"Binding" objects to the top level Page class

Discussion in 'ASP .Net' started by Davíð Þórisson, Oct 25, 2004.

  1. asking a lot these days... how would I ever learn .Net without the
    newsgroups!! Well I'm stuck on yet another point. All pages on my web have a
    user control (initialise) that handles for example database connection;
    opens db on page_onload and closes db on page_unload. But so that the
    connection object is as easily accessible from all subpages and other user
    controls I'd like to somehow "bind" it to the top level Page class.
    Otherwise I foresee problems with accessing the db object from sub-codes.
    Can anyone please tell me how do to this kind of thing?? Or should I maybe
    use some other way?
     
    Davíð Þórisson, Oct 25, 2004
    #1
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  2. Davíð Þórisson

    Karl Seguin Guest

    I think most people would tell you two answers:

    First, the typical way to achieve what you are trying to do is to use a
    comon base-page for all of your pages:

    public class MyBasePage
    inherits System.Web.UI.Page

    private _connection as SqlConnection
    public property Connection as SqlConnection
    get
    return _connection
    end get
    set
    _connection = value
    end set
    end property


    sub page_load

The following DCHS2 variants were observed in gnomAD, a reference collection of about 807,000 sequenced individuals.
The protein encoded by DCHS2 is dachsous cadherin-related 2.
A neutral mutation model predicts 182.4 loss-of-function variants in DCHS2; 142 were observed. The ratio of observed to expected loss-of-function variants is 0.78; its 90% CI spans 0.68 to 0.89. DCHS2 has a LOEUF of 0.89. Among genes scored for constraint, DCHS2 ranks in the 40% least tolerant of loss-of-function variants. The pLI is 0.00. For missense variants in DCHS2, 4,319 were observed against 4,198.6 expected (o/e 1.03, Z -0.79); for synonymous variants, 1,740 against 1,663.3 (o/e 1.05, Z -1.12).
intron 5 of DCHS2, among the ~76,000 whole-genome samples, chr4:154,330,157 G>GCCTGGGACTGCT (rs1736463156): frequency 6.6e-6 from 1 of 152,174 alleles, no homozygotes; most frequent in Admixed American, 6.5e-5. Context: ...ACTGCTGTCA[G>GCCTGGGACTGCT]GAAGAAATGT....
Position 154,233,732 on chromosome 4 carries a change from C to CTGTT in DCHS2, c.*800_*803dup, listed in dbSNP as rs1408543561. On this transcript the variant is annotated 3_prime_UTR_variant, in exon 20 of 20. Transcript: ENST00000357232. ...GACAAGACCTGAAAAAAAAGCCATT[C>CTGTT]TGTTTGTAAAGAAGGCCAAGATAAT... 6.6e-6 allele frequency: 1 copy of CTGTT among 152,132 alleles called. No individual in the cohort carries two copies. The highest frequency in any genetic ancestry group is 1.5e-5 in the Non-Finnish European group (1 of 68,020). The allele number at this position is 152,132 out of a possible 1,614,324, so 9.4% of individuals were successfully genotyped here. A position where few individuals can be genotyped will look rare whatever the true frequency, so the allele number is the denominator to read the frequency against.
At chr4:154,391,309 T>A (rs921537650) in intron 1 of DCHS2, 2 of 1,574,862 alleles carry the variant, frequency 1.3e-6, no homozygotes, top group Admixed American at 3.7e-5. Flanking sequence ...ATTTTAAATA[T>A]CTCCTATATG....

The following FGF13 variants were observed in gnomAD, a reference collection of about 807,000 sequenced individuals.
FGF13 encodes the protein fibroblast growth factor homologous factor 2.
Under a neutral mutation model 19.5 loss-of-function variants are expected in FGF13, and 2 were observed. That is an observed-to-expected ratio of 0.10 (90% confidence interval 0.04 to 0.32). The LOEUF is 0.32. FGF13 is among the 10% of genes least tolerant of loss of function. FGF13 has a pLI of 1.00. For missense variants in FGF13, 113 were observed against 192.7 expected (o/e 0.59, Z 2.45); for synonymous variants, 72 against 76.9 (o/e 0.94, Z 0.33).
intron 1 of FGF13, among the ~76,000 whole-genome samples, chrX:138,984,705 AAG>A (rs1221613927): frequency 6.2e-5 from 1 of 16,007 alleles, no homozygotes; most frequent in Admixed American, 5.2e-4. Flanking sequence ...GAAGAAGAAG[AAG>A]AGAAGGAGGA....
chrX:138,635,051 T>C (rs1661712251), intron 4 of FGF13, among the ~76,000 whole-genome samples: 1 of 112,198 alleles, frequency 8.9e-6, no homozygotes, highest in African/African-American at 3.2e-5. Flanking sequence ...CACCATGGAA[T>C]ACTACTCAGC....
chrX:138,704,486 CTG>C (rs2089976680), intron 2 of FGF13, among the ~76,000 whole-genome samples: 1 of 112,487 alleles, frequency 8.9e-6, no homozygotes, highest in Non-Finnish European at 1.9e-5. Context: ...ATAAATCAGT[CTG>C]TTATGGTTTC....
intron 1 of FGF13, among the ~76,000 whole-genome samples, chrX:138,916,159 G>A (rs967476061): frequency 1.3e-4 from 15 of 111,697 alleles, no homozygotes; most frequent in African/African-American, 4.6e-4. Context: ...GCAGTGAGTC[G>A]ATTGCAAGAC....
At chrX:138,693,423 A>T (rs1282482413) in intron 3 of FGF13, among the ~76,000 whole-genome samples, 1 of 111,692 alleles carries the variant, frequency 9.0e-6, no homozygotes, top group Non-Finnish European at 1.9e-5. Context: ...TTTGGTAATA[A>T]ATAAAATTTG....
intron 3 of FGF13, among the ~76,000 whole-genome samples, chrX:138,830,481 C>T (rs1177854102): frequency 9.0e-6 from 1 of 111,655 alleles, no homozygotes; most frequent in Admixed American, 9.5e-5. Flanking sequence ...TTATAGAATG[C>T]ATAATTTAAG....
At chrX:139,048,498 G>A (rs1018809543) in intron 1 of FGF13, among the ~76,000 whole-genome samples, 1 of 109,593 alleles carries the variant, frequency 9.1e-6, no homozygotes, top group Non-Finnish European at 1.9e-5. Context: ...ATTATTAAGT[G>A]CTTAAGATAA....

_connection = new Sql...
    end sub



    and have all your pages inherit from it:

    public class WebForm1
    Inherits MyBasePage



    But the other thing people would tell you is that you shouldn't be using
    connections like this. There are a couple good reasons. First of all,
    codebehind is a presentation logic layer, and it shouldn't do anything with
    System.Data.SqlClient (some people, like me would say it shouldn't do
    anything with the complete System.Data namespace, but that's for another
    day). You should be using a data access layer through a business layer for
    all database connection stuff. Secondly, even if you ignore the first piece
    of advice, you shouldn't be opening a single connection and closing it at
    the end of the request. You should open connections as late as you need
    them and close them as soon as you are done with them. Thanks to connection
    pooling it's much better to open and close connections 20 times in a page's
    life, than to hold one open at the start and close it at the end...

    Karl

    --
    MY ASP.Net tutorials
    http://www.openmymind.net/


    "Davíð Þórisson" <> wrote in message
    news:...
    > asking a lot these days... how would I ever learn .Net without the
    > newsgroups!! Well I'm stuck on yet another point. All pages on my web have

    a
    > user control (initialise) that handles for example database connection;
    > opens db on page_onload and closes db on page_unload. But so that the
    > connection object is as easily accessible from all subpages and other user
    > controls I'd like to somehow "bind" it to the top level Page class.
    > Otherwise I foresee problems with accessing the db object from sub-codes.
    > Can anyone please tell me how do to this kind of thing?? Or should I maybe
    > use some other way?
    >
    >
     
    Karl Seguin, Oct 25, 2004
    #2
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